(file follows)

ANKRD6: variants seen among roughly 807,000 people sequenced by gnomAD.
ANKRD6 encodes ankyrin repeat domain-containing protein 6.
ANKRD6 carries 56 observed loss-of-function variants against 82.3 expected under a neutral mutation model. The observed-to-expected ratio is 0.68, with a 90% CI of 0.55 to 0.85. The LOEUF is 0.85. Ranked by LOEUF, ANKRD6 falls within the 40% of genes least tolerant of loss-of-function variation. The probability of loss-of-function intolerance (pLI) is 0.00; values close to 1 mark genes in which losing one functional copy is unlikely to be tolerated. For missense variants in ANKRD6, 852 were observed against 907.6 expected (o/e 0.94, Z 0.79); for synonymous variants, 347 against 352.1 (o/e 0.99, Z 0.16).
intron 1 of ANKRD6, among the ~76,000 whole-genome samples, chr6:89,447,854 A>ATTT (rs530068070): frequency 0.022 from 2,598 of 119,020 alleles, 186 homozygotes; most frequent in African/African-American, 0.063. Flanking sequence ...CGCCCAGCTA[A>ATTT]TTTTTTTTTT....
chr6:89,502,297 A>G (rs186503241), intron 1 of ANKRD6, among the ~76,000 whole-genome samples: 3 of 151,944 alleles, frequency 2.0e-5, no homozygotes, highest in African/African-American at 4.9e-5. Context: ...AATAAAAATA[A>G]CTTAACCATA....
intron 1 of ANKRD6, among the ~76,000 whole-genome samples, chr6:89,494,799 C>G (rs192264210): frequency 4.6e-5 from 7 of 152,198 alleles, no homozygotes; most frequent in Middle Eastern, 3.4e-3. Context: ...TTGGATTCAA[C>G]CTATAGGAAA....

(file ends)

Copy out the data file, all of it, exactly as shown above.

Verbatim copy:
ANKRD6: variants seen among roughly 807,000 people sequenced by gnomAD.
ANKRD6 encodes ankyrin repeat domain-containing protein 6.
ANKRD6 carries 56 observed loss-of-function variants against 82.3 expected under a neutral mutation model. The observed-to-expected ratio is 0.68, with a 90% CI of 0.55 to 0.85. The LOEUF is 0.85. Ranked by LOEUF, ANKRD6 falls within the 40% of genes least tolerant of loss-of-function variation. The probability of loss-of-function intolerance (pLI) is 0.00; values close to 1 mark genes in which losing one functional copy is unlikely to be tolerated. For missense variants in ANKRD6, 852 were observed against 907.6 expected (o/e 0.94, Z 0.79); for synonymous variants, 347 against 352.1 (o/e 0.99, Z 0.16).
intron 1 of ANKRD6, among the ~76,000 whole-genome samples, chr6:89,447,854 A>ATTT (rs530068070): frequency 0.022 from 2,598 of 119,020 alleles, 186 homozygotes; most frequent in African/African-American, 0.063. Flanking sequence ...CGCCCAGCTA[A>ATTT]TTTTTTTTTT....
chr6:89,502,297 A>G (rs186503241), intron 1 of ANKRD6, among the ~76,000 whole-genome samples: 3 of 151,944 alleles, frequency 2.0e-5, no homozygotes, highest in African/African-American at 4.9e-5. Context: ...AATAAAAATA[A>G]CTTAACCATA....
intron 1 of ANKRD6, among the ~76,000 whole-genome samples, chr6:89,494,799 C>G (rs192264210): frequency 4.6e-5 from 7 of 152,198 alleles, no homozygotes; most frequent in Middle Eastern, 3.4e-3. Context: ...TTGGATTCAA[C>G]CTATAGGAAA....